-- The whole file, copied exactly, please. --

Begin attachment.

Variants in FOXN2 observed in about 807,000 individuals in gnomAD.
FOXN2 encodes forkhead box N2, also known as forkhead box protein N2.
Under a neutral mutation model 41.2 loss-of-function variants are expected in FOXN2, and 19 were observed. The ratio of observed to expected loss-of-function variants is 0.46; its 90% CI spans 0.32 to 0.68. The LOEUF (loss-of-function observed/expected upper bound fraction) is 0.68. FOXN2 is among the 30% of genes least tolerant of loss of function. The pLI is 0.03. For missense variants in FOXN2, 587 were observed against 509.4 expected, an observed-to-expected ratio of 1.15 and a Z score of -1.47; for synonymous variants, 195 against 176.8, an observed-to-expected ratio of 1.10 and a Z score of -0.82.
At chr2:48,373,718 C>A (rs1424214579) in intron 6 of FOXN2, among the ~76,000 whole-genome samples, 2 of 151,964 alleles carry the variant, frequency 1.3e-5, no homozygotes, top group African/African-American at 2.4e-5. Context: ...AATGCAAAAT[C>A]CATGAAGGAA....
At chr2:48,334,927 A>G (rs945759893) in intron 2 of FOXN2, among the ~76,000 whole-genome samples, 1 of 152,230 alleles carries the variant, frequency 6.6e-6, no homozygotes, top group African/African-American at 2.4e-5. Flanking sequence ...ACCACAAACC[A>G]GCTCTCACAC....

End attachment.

Variants in FOXN2 observed in about 807,000 individuals in gnomAD.
FOXN2 encodes forkhead box N2, also known as forkhead box protein N2.
Under a neutral mutation model 41.2 loss-of-function variants are expected in FOXN2, and 19 were observed. The ratio of observed to expected loss-of-function variants is 0.46; its 90% CI spans 0.32 to 0.68. The LOEUF (loss-of-function observed/expected upper bound fraction) is 0.68. FOXN2 is among the 30% of genes least tolerant of loss of function. The pLI is 0.03. For missense variants in FOXN2, 587 were observed against 509.4 expected, an observed-to-expected ratio of 1.15 and a Z score of -1.47; for synonymous variants, 195 against 176.8, an observed-to-expected ratio of 1.10 and a Z score of -0.82.
At chr2:48,373,718 C>A (rs1424214579) in intron 6 of FOXN2, among the ~76,000 whole-genome samples, 2 of 151,964 alleles carry the variant, frequency 1.3e-5, no homozygotes, top group African/African-American at 2.4e-5. Context: ...AATGCAAAAT[C>A]CATGAAGGAA....
At chr2:48,334,927 A>G (rs945759893) in intron 2 of FOXN2, among the ~76,000 whole-genome samples, 1 of 152,230 alleles carries the variant, frequency 6.6e-6, no homozygotes, top group African/African-American at 2.4e-5. Flanking sequence ...ACCACAAACC[A>G]GCTCTCACAC....